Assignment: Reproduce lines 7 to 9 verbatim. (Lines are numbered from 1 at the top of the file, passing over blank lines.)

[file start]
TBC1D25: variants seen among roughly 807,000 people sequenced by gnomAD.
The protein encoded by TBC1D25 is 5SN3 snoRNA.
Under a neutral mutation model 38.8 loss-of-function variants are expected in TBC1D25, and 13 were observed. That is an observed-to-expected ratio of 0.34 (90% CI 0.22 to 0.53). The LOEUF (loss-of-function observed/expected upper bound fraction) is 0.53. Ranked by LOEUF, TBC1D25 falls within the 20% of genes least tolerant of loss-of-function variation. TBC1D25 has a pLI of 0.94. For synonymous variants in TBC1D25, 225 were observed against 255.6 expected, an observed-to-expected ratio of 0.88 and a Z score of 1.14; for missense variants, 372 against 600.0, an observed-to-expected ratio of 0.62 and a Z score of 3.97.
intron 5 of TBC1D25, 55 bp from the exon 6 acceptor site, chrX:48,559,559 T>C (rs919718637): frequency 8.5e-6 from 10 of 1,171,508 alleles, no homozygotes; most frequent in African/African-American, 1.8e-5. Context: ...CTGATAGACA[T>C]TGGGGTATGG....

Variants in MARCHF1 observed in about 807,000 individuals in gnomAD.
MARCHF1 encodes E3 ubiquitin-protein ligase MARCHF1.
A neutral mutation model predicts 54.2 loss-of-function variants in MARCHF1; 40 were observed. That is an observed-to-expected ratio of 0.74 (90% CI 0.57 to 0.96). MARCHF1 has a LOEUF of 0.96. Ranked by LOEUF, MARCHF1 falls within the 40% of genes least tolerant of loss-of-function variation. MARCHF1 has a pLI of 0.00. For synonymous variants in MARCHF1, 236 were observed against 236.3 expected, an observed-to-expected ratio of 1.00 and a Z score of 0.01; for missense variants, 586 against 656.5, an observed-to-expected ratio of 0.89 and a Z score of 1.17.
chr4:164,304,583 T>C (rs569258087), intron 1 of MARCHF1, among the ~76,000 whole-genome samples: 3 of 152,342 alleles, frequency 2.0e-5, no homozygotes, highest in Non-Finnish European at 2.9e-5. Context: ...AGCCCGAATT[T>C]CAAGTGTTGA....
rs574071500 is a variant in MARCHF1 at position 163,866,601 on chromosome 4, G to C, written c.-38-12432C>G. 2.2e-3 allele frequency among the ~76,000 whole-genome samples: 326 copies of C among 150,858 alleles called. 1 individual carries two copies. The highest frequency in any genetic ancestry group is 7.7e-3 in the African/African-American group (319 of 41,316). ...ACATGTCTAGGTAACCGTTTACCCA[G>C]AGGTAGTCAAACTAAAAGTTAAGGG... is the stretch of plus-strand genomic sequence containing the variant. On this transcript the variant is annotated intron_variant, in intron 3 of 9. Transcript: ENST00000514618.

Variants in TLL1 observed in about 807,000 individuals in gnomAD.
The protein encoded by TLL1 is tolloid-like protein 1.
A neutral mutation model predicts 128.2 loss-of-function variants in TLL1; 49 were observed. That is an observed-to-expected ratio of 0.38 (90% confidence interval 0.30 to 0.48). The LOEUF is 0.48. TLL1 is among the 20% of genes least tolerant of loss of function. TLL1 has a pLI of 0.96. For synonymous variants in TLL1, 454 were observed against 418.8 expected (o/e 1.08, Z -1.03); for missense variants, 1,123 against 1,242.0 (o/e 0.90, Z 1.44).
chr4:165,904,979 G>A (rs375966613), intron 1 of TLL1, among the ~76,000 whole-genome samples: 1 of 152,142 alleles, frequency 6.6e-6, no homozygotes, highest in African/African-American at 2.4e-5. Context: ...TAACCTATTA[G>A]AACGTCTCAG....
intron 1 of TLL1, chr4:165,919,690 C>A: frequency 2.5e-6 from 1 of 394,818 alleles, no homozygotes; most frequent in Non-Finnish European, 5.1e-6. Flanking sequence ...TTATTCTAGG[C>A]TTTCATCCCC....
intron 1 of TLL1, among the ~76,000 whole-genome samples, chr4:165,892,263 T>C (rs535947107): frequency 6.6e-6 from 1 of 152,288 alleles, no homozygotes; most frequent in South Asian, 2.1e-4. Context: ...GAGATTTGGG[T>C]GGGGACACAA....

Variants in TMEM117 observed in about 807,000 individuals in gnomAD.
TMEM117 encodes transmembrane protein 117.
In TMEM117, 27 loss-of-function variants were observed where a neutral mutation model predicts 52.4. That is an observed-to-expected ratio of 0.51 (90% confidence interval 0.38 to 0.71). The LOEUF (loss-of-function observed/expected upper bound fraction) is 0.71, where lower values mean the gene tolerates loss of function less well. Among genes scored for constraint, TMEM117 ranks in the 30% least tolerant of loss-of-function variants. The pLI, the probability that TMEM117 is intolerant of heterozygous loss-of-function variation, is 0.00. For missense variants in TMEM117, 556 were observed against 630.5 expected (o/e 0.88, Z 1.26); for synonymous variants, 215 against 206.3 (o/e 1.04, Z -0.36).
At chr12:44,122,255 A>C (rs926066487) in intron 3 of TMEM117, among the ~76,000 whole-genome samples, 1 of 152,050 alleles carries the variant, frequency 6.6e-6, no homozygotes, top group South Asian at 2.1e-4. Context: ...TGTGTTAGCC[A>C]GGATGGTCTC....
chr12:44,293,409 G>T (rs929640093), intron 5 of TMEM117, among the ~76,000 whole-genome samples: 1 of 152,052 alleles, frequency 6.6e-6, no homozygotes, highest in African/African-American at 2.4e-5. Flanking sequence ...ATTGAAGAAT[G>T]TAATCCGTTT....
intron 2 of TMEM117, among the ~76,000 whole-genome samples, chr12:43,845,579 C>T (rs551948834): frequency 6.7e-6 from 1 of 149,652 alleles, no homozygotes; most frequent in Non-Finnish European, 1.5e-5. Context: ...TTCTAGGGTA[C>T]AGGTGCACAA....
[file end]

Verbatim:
A neutral mutation model predicts 54.2 loss-of-function variants in MARCHF1; 40 were observed. That is an observed-to-expected ratio of 0.74 (90% CI 0.57 to 0.96). MARCHF1 has a LOEUF of 0.96. Ranked by LOEUF, MARCHF1 falls within the 40% of genes least tolerant of loss-of-function variation. MARCHF1 has a pLI of 0.00. For synonymous variants in MARCHF1, 236 were observed against 236.3 expected, an observed-to-expected ratio of 1.00 and a Z score of 0.01; for missense variants, 586 against 656.5, an observed-to-expected ratio of 0.89 and a Z score of 1.17.
chr4:164,304,583 T>C (rs569258087), intron 1 of MARCHF1, among the ~76,000 whole-genome samples: 3 of 152,342 alleles, frequency 2.0e-5, no homozygotes, highest in Non-Finnish European at 2.9e-5. Context: ...AGCCCGAATT[T>C]CAAGTGTTGA....
rs574071500 is a variant in MARCHF1 at position 163,866,601 on chromosome 4, G to C, written c.-38-12432C>G. 2.2e-3 allele frequency among the ~76,000 whole-genome samples: 326 copies of C among 150,858 alleles called. 1 individual carries two copies. The highest frequency in any genetic ancestry group is 7.7e-3 in the African/African-American group (319 of 41,316). ...ACATGTCTAGGTAACCGTTTACCCA[G>C]AGGTAGTCAAACTAAAAGTTAAGGG... is the stretch of plus-strand genomic sequence containing the variant. On this transcript the variant is annotated intron_variant, in intron 3 of 9. Transcript: ENST00000514618.